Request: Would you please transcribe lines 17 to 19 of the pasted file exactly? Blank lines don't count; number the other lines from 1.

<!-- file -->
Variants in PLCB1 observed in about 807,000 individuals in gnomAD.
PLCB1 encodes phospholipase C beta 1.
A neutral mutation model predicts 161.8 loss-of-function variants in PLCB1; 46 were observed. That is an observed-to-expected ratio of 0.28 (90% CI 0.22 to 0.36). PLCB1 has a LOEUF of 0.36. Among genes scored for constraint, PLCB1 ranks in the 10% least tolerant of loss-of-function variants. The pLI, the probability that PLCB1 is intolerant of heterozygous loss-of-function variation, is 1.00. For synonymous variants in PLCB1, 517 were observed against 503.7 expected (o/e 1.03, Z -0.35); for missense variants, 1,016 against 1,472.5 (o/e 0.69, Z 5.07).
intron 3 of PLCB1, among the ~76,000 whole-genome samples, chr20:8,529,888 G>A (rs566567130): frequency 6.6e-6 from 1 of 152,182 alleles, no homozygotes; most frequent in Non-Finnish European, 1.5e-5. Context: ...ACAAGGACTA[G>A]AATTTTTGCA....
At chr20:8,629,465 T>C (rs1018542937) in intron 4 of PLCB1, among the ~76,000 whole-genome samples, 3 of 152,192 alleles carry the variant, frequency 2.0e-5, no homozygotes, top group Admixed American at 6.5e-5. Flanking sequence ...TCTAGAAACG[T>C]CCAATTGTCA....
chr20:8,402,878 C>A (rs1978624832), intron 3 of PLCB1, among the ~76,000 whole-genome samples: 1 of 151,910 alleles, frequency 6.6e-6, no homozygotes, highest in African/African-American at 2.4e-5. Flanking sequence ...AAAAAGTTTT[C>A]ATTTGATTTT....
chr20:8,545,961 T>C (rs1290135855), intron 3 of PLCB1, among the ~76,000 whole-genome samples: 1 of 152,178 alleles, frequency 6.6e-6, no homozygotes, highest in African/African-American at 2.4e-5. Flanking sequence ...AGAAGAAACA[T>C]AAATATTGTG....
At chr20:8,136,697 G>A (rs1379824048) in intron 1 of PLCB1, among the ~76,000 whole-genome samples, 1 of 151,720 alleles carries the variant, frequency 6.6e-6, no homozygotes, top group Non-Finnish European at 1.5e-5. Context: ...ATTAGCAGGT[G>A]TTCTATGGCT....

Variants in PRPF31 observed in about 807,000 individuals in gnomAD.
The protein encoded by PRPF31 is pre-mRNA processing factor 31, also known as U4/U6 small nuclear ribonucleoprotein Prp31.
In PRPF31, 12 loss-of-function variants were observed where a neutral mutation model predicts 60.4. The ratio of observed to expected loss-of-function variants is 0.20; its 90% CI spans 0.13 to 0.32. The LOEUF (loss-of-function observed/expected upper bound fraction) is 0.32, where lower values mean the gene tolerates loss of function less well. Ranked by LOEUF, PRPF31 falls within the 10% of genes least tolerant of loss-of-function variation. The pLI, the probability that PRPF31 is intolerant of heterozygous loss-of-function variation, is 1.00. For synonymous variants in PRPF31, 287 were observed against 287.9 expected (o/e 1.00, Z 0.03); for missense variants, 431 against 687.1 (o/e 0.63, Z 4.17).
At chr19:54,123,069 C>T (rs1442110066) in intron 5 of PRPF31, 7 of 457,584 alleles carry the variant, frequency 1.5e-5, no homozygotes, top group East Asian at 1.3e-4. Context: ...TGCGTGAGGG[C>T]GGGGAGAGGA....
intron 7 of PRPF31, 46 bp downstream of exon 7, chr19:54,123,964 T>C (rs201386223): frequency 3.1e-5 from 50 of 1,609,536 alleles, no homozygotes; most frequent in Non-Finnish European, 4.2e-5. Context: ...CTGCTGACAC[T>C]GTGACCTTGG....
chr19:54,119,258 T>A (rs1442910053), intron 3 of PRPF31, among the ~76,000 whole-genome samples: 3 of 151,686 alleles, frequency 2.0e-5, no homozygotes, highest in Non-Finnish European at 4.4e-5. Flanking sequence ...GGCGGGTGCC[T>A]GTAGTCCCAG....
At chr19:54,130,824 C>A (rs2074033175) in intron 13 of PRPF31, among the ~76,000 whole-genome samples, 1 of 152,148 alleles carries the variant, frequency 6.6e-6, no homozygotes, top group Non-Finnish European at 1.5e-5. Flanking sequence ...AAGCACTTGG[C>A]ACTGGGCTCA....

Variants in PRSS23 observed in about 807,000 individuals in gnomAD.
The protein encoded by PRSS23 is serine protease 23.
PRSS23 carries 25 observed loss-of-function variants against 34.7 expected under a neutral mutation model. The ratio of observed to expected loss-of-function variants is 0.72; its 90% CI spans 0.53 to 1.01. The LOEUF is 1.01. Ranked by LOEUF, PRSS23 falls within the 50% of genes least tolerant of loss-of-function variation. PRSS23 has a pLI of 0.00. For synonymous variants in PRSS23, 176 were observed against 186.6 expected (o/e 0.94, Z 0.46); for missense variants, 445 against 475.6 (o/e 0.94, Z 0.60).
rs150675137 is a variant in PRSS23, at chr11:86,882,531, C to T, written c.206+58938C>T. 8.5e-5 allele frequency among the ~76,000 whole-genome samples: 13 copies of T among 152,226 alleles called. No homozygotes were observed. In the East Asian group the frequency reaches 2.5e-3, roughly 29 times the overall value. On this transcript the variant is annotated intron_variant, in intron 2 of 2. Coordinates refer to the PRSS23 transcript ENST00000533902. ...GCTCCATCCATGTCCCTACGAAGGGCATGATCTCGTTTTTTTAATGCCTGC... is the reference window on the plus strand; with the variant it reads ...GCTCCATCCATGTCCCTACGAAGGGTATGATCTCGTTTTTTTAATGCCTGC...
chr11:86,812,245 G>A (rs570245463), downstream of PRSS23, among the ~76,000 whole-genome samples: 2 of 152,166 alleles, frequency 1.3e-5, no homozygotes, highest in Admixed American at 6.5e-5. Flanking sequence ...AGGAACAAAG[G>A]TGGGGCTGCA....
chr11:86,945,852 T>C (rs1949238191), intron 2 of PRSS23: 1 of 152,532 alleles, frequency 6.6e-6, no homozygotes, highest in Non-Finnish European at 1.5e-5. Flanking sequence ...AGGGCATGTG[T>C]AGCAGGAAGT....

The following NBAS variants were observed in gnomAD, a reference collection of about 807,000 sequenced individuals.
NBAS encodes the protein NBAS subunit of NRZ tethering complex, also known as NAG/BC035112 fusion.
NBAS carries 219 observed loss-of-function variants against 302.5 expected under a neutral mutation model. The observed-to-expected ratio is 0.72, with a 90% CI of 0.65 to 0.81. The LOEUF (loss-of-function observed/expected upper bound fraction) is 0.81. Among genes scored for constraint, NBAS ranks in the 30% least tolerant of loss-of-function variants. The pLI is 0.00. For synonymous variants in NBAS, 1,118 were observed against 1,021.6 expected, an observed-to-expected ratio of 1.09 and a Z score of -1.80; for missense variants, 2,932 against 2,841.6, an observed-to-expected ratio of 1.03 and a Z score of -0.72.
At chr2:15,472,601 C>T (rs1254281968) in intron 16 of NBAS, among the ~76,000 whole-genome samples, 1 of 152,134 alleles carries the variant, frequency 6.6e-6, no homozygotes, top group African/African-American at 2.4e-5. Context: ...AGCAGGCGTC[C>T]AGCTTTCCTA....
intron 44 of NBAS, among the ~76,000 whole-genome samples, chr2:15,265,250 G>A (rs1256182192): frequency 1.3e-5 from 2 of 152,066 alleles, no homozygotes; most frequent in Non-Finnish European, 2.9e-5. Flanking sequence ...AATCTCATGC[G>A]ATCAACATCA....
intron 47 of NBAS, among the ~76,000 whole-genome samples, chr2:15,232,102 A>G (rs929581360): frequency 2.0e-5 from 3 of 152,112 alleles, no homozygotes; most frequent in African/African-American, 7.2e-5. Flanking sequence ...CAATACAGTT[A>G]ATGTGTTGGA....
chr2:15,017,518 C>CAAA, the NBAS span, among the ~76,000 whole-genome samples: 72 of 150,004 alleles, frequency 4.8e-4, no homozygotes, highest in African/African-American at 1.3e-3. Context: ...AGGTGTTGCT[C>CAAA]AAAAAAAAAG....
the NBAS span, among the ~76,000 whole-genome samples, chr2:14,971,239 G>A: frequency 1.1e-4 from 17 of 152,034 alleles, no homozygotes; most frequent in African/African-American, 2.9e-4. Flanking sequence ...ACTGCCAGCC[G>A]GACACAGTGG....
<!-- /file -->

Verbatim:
The protein encoded by PRSS23 is serine protease 23.
PRSS23 carries 25 observed loss-of-function variants against 34.7 expected under a neutral mutation model. The ratio of observed to expected loss-of-function variants is 0.72; its 90% CI spans 0.53 to 1.01. The LOEUF is 1.01. Ranked by LOEUF, PRSS23 falls within the 50% of genes least tolerant of loss-of-function variation. PRSS23 has a pLI of 0.00. For synonymous variants in PRSS23, 176 were observed against 186.6 expected (o/e 0.94, Z 0.46); for missense variants, 445 against 475.6 (o/e 0.94, Z 0.60).
rs150675137 is a variant in PRSS23, at chr11:86,882,531, C to T, written c.206+58938C>T. 8.5e-5 allele frequency among the ~76,000 whole-genome samples: 13 copies of T among 152,226 alleles called. No homozygotes were observed. In the East Asian group the frequency reaches 2.5e-3, roughly 29 times the overall value. On this transcript the variant is annotated intron_variant, in intron 2 of 2. Coordinates refer to the PRSS23 transcript ENST00000533902. ...GCTCCATCCATGTCCCTACGAAGGGCATGATCTCGTTTTTTTAATGCCTGC... is the reference window on the plus strand; with the variant it reads ...GCTCCATCCATGTCCCTACGAAGGGTATGATCTCGTTTTTTTAATGCCTGC...